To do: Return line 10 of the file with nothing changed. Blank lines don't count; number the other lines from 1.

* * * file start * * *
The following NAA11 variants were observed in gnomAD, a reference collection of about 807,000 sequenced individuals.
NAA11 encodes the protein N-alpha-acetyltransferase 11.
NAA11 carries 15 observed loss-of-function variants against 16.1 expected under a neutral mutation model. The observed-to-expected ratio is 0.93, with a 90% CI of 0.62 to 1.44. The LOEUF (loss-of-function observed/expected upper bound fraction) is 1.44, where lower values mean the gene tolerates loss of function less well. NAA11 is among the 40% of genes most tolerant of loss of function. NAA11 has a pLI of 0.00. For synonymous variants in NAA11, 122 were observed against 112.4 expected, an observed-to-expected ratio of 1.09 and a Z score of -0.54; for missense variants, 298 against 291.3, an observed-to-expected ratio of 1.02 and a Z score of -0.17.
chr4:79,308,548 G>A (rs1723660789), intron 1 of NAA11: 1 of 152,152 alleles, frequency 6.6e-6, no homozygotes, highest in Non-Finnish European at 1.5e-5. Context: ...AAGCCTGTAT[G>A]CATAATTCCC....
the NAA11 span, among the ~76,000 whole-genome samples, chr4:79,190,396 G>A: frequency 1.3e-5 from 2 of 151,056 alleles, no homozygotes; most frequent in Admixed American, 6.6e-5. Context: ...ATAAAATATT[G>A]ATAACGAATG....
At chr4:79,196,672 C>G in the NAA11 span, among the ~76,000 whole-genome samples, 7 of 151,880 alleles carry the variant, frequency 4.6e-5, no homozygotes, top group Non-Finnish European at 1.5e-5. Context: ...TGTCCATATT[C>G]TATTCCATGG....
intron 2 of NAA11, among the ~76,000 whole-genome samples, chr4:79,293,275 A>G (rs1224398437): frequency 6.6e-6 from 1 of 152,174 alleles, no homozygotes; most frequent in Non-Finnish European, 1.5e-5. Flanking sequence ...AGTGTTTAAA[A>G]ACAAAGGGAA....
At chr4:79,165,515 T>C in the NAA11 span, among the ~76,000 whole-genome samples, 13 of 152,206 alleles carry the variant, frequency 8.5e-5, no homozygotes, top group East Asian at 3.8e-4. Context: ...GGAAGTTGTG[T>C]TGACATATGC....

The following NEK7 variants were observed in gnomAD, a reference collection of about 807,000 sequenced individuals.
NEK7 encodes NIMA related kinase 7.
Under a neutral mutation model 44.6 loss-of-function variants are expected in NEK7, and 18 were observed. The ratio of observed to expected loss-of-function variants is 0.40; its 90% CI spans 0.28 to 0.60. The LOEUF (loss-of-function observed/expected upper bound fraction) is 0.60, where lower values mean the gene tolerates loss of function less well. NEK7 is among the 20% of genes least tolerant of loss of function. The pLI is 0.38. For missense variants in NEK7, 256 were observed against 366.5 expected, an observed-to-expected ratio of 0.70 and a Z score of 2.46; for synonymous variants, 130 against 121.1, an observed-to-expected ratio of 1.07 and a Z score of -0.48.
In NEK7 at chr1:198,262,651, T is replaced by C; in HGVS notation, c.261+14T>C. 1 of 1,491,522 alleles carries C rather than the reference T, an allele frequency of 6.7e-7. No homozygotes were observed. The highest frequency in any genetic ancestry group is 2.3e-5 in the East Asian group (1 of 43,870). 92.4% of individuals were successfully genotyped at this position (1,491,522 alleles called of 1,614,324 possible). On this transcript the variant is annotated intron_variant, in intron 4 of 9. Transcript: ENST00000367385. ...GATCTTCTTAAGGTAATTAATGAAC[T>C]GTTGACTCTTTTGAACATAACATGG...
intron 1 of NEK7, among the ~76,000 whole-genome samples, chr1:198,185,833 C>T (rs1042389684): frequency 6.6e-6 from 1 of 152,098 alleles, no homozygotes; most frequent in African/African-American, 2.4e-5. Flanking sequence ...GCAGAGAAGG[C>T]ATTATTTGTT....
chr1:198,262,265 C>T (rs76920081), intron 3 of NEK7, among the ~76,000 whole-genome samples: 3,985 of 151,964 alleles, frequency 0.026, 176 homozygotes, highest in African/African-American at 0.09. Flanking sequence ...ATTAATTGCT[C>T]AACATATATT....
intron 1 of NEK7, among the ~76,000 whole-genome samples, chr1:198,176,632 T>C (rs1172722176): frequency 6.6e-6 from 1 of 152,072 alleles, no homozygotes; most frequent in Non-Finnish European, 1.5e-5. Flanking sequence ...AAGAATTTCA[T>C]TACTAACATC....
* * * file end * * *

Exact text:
NEK7 encodes NIMA related kinase 7.